President Donald Trump on Wednesday vetoed the annual defense policy bill and raised the prospect that the U.S. could face a government shutdown during a pandemic, stirring new turmoil in Washington as he headed to Florida for Christmas.

Angry at his fellow Republicans in Congress, Trump sought to refashion two complex pieces of legislation that passed Congress by wide, bipartisan margins after months of negotiation.

The bill affirms 3% pay raises for the U.S. troops and authorizes more than $740 billion in military programs and construction.

Trump followed through on a threat to veto the defense bill and demanded dramatic changes to a $2.3 trillion package that funds the federal government and provides nearly $900 billion in coronavirus aid.

With less than a month left in office, Trump is angry that some Republicans have acknowledged his loss to Democrat Joe Biden.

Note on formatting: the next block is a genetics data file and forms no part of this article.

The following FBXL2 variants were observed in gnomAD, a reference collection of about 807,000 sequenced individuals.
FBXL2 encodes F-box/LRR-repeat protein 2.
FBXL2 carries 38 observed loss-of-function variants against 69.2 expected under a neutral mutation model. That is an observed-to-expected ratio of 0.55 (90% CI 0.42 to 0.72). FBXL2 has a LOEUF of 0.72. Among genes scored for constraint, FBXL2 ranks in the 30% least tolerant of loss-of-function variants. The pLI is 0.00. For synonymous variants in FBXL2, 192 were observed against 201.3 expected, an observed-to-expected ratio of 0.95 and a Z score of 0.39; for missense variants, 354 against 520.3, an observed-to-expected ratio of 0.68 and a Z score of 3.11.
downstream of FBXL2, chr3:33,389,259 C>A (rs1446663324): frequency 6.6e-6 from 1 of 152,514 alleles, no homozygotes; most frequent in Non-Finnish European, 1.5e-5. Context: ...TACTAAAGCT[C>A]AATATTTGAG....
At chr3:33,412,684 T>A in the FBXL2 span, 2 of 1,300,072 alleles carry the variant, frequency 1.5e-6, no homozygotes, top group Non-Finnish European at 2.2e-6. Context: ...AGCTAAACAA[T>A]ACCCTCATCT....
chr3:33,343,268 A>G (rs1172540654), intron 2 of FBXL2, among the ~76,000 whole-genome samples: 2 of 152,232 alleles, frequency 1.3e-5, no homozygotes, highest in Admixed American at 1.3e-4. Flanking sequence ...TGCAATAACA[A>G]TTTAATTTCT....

Trump said he vetoed the defense policy bill, which has passed every year since 1961 because he objected to liability protections for social media companies unrelated to national security and did not want to rename military bases that are currently named for generals who fought for the pro-slavery Confederacy during the Civil War.

Democrats and Republicans objected to Trump’s veto of the National Defense Authorization Act.“I look forward to overriding the president’s fruitless and ridiculous attempt to undermine our national security,” Democratic Senator Mark Warner said in a statement.

Senate Armed Services Committee Chairman Jim Inhofe, a Republican, also blasted Trump’s veto.